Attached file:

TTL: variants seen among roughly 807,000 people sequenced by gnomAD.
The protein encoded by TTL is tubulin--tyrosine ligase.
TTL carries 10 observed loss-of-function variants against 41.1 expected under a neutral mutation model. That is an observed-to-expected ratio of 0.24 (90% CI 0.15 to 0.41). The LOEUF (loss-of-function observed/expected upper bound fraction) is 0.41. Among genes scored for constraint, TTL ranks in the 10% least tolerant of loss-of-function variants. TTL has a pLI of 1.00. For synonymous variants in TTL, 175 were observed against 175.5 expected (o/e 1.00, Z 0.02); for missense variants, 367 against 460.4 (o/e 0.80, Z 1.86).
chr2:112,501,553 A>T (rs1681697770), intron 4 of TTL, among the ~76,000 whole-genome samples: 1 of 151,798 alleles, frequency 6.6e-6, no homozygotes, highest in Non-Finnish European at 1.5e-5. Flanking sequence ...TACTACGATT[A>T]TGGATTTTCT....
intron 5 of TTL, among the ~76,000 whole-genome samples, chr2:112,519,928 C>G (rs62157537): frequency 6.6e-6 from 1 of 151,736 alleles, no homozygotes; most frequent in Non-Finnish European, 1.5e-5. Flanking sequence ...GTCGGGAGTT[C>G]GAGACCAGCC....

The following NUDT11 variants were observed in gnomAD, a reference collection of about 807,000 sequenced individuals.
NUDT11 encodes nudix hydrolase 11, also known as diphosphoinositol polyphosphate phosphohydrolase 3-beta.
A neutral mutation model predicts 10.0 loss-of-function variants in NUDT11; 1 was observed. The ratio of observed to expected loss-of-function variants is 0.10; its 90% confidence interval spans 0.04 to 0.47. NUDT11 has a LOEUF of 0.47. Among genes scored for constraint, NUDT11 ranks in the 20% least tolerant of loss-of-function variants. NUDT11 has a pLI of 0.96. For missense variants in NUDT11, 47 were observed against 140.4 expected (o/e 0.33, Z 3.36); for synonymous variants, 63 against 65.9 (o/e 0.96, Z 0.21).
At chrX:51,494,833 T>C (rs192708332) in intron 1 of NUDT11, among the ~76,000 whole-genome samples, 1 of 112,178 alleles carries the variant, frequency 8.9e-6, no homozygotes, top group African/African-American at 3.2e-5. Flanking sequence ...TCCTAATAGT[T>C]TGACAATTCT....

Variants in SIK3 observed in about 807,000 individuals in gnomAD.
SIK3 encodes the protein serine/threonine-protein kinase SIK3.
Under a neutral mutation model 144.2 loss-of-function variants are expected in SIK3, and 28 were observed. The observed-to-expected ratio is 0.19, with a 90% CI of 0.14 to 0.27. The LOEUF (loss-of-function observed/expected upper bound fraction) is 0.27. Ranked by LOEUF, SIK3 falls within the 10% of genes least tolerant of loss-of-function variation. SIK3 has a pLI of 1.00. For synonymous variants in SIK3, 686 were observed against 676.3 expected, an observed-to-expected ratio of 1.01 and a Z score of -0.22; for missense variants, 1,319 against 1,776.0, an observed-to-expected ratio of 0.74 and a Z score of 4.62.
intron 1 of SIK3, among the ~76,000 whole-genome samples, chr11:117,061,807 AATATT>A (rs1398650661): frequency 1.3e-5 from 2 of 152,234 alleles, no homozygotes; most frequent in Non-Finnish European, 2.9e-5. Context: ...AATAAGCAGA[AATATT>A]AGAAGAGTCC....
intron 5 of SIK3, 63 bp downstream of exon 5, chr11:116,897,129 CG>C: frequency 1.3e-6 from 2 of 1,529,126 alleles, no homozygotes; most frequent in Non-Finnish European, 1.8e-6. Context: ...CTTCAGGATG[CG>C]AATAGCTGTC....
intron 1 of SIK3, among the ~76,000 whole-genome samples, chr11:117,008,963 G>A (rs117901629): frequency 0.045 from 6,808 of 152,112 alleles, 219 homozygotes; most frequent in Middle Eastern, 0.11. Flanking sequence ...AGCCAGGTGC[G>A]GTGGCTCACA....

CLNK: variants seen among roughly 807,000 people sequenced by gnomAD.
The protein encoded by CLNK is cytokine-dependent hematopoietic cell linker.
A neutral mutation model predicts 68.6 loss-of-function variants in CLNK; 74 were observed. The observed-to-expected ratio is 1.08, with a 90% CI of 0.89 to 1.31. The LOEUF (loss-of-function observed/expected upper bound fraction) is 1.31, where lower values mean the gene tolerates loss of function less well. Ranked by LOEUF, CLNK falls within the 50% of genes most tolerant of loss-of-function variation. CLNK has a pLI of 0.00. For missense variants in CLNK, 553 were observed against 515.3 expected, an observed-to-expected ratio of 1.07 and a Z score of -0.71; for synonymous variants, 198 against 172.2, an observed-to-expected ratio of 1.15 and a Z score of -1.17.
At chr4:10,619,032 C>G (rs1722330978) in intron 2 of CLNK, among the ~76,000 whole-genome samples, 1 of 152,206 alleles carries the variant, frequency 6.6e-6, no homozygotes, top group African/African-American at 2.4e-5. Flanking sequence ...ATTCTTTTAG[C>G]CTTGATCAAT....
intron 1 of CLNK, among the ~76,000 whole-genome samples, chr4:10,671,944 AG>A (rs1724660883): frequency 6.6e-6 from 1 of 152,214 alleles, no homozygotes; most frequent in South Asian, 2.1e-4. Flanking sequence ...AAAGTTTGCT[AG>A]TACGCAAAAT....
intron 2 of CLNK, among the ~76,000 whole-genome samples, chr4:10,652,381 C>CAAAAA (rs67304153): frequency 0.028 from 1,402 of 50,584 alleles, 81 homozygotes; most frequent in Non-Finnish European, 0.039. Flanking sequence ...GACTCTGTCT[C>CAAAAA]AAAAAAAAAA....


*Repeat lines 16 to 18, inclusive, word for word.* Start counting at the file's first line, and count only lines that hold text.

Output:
CLNK: variants seen among roughly 807,000 people sequenced by gnomAD.
The protein encoded by CLNK is cytokine-dependent hematopoietic cell linker.
A neutral mutation model predicts 68.6 loss-of-function variants in CLNK; 74 were observed. The observed-to-expected ratio is 1.08, with a 90% CI of 0.89 to 1.31. The LOEUF (loss-of-function observed/expected upper bound fraction) is 1.31, where lower values mean the gene tolerates loss of function less well. Ranked by LOEUF, CLNK falls within the 50% of genes most tolerant of loss-of-function variation. CLNK has a pLI of 0.00. For missense variants in CLNK, 553 were observed against 515.3 expected, an observed-to-expected ratio of 1.07 and a Z score of -0.71; for synonymous variants, 198 against 172.2, an observed-to-expected ratio of 1.15 and a Z score of -1.17.